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  1. #1
    mtbr member
    Reputation: BikeShopMonkey's Avatar
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    Fat frames with a regular Q bottom bracket?

    i loved my pug except for the fact that after a really long ride or consecutive days riding my knees would hurt.

    it was not a fit issue as i had the fit checked many times at my LBS and it matched all my other bikes. it was the fact that my feet were too wide set in relation to my body.

    i have seen diy fat bikes with a short version of a tandem drivetrain. where the left side of the crank drives another BB that has the front triple on the otherside and the rear derailleur is normal mounted.

    the second bb with the triple chainring is mounted higher up usually.



    this solved the "fat" tire spacing problem, but i have yet to see a manufactured version of this.
    so my afro now sticks out of my helmet.

  2. #2
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    Reputation: Lone Desert Walker's Avatar
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    Is that like the chubacabra? Check out this thread bro. Custom Fat Bike: need advice on what works

  3. #3
    Nouveau Retrogrouch SuperModerator
    Reputation: shiggy's Avatar
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    Quote Originally Posted by BikeShopMonkey View Post
    i loved my pug except for the fact that after a really long ride or consecutive days riding my knees would hurt.

    it was not a fit issue as i had the fit checked many times at my LBS and it matched all my other bikes. it was the fact that my feet were too wide set in relation to my body.

    i have seen diy fat bikes with a short version of a tandem drivetrain. where the left side of the crank drives another BB that has the front triple on the otherside and the rear derailleur is normal mounted.

    the second bb with the triple chainring is mounted higher up usually.



    this solved the "fat" tire spacing problem, but i have yet to see a manufactured version of this.
    Still need a wide Q for the cranks to clear the chainstays unless you build a frame with a looonnggg rear end.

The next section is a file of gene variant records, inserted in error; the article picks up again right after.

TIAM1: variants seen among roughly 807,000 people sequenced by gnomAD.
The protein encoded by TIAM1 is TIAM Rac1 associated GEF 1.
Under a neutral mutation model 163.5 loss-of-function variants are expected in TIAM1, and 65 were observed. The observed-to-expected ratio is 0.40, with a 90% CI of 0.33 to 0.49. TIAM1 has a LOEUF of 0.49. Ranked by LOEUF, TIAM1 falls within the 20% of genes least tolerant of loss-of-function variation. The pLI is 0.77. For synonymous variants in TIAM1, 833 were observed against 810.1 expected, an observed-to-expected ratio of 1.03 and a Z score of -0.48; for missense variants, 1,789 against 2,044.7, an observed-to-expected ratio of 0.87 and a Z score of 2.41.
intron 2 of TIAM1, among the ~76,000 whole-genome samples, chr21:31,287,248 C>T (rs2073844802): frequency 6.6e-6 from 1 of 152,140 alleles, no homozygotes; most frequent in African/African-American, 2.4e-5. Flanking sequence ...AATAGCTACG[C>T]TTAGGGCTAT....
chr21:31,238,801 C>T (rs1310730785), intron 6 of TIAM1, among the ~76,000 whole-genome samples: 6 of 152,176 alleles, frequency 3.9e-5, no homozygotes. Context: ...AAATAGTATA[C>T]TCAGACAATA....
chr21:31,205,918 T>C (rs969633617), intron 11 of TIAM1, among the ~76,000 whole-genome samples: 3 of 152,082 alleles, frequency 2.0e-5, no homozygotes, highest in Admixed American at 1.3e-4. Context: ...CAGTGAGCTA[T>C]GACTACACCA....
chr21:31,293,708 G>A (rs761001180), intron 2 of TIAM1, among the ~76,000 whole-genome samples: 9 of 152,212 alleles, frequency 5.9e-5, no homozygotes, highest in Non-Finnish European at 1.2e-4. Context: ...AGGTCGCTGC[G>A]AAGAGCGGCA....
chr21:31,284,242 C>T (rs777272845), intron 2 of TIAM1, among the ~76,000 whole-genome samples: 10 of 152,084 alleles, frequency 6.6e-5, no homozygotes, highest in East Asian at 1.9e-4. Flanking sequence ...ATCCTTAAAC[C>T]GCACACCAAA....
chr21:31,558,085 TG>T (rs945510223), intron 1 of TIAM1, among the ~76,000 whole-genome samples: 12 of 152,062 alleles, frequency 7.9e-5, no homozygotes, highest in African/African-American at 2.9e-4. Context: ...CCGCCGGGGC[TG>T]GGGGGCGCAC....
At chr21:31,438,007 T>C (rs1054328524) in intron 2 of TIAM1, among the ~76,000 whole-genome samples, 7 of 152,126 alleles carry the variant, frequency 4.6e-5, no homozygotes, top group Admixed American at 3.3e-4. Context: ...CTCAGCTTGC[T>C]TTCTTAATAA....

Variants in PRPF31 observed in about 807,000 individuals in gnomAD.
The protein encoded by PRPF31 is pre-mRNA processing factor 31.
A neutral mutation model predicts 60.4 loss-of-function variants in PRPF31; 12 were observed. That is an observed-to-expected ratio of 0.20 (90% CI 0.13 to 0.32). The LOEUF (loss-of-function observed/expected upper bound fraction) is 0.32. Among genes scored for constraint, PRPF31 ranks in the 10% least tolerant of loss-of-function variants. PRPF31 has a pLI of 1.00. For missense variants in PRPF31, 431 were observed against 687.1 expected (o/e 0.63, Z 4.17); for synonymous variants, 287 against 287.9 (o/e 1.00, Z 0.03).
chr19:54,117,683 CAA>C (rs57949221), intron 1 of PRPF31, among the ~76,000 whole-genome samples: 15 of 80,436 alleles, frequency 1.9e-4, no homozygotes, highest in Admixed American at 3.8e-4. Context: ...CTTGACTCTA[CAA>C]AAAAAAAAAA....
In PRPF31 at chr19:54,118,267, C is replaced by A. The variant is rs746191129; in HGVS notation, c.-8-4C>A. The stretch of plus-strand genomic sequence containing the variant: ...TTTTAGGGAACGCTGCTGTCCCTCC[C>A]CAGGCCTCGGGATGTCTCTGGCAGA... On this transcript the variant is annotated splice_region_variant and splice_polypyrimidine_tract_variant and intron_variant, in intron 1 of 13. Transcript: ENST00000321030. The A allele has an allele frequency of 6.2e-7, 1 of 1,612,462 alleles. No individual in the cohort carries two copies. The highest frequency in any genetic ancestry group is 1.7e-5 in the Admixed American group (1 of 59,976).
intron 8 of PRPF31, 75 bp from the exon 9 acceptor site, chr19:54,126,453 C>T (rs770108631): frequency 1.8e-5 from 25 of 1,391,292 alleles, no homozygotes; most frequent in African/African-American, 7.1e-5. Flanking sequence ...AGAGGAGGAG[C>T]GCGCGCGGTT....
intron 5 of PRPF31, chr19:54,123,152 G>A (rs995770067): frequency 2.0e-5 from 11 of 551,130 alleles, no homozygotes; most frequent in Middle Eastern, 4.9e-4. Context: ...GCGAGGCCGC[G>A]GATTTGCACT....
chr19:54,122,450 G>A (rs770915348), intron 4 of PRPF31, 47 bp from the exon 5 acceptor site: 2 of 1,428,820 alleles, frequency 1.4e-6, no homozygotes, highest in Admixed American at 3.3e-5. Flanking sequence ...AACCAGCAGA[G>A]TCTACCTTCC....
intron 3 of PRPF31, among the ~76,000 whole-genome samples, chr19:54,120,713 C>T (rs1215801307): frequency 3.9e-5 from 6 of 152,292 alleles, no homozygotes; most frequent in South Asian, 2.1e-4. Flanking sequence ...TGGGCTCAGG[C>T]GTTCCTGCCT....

mtbtires.com
    The trouble with common sense is it is no longer common

  4. #4
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    I know this isn't your goal, but I found shorter cranks work for solving some knee issues. I use 175mm on my regular bikes (narrow Q) and 160mm on my Pug. I can now ride back to back to back (etc.) centuries now where I could only ride 40 miles before my knees were gone.

  5. #5
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    Quote Originally Posted by shiggy View Post
    Still need a wide Q for the cranks to clear the chainstays unless you build a frame with a looonnggg rear end.
    darn, i knew there was a good reason why, i just didn't see that problem.

    thanks shiggy.
    so my afro now sticks out of my helmet.

  6. #6
    is buachail foighneach me
    Reputation: sean salach's Avatar
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    Try being conscious of keeping your lower legs vertical while pedalling your pugs. Lots of people seem to try to keep their knees close to the top tube, as you would on a normally spaced bb. This puts your knees at a wierd angle.

  7. #7
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    Quote Originally Posted by JR Z View Post
    I know this isn't your goal, but I found shorter cranks work for solving some knee issues...
    Some single speeders prefer short cranks - you're in the range of your maximum strength for more of the time.

    (Easy to check - try lifting a heavy weight from a full squat compared to a half squat - it's easier from the half squat because your knees aren't so bent))
    As little bike as possible, as silent as possible.
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